Concussion is a temporary injury to the brain caused by a bump, blow or jolt to the head.
It usually only lasts up to a few days or weeks, although it sometimes needs emergency treatment and some people can have longer-lasting problems.
Signs of a concussion usually appear within a few minutes or hours of a head injury.
But occasionally they may not be obvious for a few days, so it's important to look out for any problems in the days following a head injury.
Concussion can be harder to spot in babies and young children.
One of the main things to look for is a change in their normal behaviour after a head injury, such as crying a lot, a change in their feeding or sleeping habits, or a loss of interest in people or objects.
You don't usually need to get immediate medical advice if you only have mild symptoms that don't last long after a head injury, such as:
You probably don't have concussion, and can follow the advice about treating a minor head injury at home.
Call NHS 111 for advice if you're not sure if you need medical help.
Go to your nearest accident and emergency (A&E) department if you've injured your head and have:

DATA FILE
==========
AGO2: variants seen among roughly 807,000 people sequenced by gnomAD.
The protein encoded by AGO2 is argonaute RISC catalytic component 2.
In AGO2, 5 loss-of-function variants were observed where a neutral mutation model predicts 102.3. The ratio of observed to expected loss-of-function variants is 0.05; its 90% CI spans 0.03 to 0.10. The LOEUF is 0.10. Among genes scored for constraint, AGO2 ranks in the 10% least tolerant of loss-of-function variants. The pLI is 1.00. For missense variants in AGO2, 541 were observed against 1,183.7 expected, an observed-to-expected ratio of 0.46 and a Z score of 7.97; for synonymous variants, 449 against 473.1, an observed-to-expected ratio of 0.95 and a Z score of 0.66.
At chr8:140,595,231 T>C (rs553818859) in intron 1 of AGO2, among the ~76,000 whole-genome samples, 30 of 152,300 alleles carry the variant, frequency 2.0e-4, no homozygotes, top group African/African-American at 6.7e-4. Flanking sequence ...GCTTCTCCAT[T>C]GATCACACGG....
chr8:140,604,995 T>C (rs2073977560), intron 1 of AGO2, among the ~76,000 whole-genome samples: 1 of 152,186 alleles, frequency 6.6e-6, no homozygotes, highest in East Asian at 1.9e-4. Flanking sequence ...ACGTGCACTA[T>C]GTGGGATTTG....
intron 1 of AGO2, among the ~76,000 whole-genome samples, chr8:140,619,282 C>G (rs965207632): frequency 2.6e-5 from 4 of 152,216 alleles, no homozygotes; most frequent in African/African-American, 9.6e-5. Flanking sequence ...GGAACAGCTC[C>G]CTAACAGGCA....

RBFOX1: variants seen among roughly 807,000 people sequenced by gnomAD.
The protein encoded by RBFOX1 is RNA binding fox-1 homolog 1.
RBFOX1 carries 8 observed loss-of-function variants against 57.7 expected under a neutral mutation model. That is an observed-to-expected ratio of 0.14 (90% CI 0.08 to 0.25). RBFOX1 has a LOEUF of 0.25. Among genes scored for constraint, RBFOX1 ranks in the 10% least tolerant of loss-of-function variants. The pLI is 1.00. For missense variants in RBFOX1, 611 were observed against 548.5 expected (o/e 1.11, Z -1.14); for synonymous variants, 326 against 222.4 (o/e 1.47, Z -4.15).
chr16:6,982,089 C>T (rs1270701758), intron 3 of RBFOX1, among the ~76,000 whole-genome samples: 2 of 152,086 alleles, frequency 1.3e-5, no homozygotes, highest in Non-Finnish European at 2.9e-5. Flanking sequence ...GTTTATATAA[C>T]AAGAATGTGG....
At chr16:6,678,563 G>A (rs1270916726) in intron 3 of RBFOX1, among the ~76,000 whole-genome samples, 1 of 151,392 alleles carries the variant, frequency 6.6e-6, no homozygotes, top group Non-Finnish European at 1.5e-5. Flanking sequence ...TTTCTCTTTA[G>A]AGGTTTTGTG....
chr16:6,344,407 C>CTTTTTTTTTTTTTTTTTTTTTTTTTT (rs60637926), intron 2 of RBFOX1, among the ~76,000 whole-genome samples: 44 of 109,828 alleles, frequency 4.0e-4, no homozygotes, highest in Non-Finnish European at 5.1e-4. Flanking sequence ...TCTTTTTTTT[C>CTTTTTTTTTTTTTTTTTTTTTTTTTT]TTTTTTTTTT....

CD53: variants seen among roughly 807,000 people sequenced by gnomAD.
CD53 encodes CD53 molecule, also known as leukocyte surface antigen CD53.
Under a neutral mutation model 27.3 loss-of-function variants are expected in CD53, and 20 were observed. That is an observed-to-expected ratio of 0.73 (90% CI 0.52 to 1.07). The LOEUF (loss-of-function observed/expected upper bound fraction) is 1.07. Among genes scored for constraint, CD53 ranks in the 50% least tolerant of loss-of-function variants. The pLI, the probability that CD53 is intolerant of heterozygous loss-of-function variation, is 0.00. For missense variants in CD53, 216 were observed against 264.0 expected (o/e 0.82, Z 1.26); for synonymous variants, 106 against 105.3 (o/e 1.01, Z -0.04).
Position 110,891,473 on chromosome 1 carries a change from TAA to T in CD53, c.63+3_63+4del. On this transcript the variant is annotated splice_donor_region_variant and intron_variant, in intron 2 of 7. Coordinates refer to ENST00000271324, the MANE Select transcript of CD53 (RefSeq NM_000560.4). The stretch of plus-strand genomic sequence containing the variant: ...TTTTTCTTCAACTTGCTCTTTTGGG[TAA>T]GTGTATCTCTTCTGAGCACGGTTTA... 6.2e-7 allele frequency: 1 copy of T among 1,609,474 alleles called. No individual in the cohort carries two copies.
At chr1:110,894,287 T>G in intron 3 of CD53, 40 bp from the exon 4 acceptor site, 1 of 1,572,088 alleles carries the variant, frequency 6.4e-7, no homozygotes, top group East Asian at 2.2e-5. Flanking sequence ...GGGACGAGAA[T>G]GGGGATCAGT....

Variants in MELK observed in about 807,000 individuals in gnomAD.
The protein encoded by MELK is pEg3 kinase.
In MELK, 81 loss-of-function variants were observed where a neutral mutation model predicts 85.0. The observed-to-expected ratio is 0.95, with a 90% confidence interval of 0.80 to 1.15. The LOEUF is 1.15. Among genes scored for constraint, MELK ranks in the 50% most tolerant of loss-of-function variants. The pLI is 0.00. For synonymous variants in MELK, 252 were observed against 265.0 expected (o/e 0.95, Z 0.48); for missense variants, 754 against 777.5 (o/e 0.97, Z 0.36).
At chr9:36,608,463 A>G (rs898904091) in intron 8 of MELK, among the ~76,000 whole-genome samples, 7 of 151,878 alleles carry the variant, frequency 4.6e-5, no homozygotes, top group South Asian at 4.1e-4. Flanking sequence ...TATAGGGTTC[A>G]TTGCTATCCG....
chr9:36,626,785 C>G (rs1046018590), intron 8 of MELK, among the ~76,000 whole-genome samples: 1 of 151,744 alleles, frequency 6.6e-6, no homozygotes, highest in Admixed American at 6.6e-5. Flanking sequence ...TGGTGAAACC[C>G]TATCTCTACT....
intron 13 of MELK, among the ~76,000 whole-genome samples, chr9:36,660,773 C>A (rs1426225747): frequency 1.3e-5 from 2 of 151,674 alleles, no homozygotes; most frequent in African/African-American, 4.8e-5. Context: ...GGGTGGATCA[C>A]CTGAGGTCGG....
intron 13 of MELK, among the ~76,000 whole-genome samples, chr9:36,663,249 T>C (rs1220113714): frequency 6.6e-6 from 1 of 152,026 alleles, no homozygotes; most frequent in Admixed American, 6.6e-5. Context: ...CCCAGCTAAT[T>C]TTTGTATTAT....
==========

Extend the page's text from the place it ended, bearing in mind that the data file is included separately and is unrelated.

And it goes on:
In these cases, you should be checked by a health professional trained in assessing head injuries. They'll decide if you need a brain scan to rule out a serious brain injury.
Call 999 for an ambulance if someone has injured their head and has:
Also call for an ambulance if someone needs to go to hospital but you can't get them there safely.
If you're diagnosed with concussion in hospital, you'll be able to go home when any serious brain injury has been ruled out and you're starting to feel better.
Most people feel back to normal within a few days or weeks of going home. But some people, especially children, can take longer to recover.
Things you can do to help your recovery include:
Speak to your GP if you still have symptoms after 2 weeks or you're unsure about returning to activities such as work or sports.
Get medical help straight away if you develop any symptoms that mean you should go to hospital or call 999.
In some people, concussion symptoms can last a few months or more. This is known as post-concussion syndrome.
Possible symptoms include:
See your GP if you still have symptoms after 3 months. They may be able to recommend treatments for some of the symptoms, or they may refer you to a specialist.
The charity Headway has a leaflet on minor head injury and concussion (PDF, 303kb) that you might find useful if you're having long-term problems.
There's no guaranteed way to prevent concussion, but there are some simple things you can do that may reduce your risk of a head injury.
It's important to avoid head injuries as repeated concussions or blows to the head have been linked to serious problems, including a brain condition called chronic traumatic encephalopathy.
Read more about how to prevent head injuries.